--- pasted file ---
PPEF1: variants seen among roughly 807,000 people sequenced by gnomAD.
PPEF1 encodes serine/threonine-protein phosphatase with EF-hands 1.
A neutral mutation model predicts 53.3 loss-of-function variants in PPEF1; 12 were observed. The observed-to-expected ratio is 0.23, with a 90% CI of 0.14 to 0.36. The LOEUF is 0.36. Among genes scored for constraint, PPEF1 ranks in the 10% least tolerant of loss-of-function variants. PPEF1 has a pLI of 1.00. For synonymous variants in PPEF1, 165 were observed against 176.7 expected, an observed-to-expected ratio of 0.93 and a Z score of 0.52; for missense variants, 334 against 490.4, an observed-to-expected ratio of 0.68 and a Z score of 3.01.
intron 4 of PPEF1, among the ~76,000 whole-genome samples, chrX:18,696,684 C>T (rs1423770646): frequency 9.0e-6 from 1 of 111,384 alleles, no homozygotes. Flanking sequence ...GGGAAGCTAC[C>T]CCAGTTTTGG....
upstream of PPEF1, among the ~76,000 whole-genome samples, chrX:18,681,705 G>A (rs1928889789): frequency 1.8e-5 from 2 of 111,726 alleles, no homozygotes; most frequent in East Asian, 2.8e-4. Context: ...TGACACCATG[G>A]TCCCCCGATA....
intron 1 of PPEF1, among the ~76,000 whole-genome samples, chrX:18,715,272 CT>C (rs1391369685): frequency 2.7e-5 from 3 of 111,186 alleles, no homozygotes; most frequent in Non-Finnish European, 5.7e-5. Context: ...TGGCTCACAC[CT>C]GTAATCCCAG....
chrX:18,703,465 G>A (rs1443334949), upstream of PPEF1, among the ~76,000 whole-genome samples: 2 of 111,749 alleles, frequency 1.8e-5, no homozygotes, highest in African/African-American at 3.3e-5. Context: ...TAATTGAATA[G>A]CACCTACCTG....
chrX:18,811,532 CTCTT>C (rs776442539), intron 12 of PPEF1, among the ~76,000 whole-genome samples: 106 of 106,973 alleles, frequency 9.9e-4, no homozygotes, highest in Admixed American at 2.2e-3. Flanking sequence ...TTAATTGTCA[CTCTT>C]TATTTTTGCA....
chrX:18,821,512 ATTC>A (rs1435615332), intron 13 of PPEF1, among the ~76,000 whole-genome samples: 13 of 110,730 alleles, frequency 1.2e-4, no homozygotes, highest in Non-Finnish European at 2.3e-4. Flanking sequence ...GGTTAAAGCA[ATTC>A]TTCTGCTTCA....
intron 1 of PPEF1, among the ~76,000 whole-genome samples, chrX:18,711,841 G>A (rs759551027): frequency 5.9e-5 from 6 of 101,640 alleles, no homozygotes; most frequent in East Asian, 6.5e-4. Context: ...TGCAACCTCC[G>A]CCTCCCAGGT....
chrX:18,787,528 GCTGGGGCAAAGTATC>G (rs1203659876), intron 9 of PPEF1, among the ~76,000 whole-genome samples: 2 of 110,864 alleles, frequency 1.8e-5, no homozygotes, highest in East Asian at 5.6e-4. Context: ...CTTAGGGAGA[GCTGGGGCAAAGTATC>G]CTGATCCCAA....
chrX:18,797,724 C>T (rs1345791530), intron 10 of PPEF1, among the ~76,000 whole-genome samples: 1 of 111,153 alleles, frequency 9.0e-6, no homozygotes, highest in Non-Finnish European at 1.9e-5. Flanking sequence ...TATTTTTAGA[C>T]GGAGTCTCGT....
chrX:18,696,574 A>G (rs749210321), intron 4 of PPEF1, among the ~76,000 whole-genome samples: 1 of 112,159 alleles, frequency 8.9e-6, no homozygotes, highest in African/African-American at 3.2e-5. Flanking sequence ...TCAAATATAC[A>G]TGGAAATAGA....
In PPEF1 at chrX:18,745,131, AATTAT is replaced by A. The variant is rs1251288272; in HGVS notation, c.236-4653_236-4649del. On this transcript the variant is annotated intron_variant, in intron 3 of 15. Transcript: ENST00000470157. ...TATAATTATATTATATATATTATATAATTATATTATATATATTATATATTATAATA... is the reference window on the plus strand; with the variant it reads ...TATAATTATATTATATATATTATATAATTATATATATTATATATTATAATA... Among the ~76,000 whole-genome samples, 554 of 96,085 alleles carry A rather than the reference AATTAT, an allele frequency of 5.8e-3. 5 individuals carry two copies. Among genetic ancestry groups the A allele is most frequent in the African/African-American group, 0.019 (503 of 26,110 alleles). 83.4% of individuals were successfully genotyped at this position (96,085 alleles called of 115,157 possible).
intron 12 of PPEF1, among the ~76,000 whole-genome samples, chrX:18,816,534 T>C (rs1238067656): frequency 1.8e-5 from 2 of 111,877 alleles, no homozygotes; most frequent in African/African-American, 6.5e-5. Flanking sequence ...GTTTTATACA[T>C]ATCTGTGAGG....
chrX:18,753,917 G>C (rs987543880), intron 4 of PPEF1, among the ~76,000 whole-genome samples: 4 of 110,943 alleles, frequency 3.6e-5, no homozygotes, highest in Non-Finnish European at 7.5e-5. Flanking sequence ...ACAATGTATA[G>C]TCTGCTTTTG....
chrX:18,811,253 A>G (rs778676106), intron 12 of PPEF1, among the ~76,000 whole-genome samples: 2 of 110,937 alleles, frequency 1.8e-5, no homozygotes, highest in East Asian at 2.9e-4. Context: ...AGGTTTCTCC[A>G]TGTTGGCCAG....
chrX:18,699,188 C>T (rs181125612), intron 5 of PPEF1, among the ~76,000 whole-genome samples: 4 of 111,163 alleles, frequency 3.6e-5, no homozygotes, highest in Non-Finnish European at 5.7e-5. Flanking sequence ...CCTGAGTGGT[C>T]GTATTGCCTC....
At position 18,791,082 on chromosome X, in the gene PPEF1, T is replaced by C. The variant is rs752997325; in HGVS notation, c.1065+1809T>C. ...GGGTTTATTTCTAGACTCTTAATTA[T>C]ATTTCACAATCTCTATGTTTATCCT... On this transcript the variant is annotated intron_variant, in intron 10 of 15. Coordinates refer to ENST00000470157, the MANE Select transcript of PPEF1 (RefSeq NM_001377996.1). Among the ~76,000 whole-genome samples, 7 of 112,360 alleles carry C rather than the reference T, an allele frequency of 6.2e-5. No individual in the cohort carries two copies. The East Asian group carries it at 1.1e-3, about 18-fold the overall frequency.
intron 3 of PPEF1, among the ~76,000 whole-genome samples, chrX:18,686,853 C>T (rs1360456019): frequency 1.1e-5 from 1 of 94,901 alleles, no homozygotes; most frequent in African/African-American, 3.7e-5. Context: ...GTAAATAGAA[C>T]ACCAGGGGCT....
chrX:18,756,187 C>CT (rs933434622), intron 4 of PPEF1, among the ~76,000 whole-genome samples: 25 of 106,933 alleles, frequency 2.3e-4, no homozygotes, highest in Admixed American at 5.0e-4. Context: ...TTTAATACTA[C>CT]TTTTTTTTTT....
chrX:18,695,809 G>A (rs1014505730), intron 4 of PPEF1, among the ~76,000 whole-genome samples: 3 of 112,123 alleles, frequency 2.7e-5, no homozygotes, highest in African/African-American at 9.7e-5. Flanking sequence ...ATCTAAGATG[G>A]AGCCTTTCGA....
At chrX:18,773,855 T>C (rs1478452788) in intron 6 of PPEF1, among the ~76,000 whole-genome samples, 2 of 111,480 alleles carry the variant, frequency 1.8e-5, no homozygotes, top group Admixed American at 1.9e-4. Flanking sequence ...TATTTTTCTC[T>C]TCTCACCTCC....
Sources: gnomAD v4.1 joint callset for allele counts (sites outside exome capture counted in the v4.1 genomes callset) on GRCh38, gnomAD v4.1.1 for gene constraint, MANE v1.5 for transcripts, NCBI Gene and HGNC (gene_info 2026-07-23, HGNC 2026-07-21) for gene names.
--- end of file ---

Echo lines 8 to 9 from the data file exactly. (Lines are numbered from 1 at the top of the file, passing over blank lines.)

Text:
chrX:18,811,532 CTCTT>C (rs776442539), intron 12 of PPEF1, among the ~76,000 whole-genome samples: 106 of 106,973 alleles, frequency 9.9e-4, no homozygotes, highest in Admixed American at 2.2e-3. Flanking sequence ...TTAATTGTCA[CTCTT>C]TATTTTTGCA....
chrX:18,821,512 ATTC>A (rs1435615332), intron 13 of PPEF1, among the ~76,000 whole-genome samples: 13 of 110,730 alleles, frequency 1.2e-4, no homozygotes, highest in Non-Finnish European at 2.3e-4. Flanking sequence ...GGTTAAAGCA[ATTC>A]TTCTGCTTCA....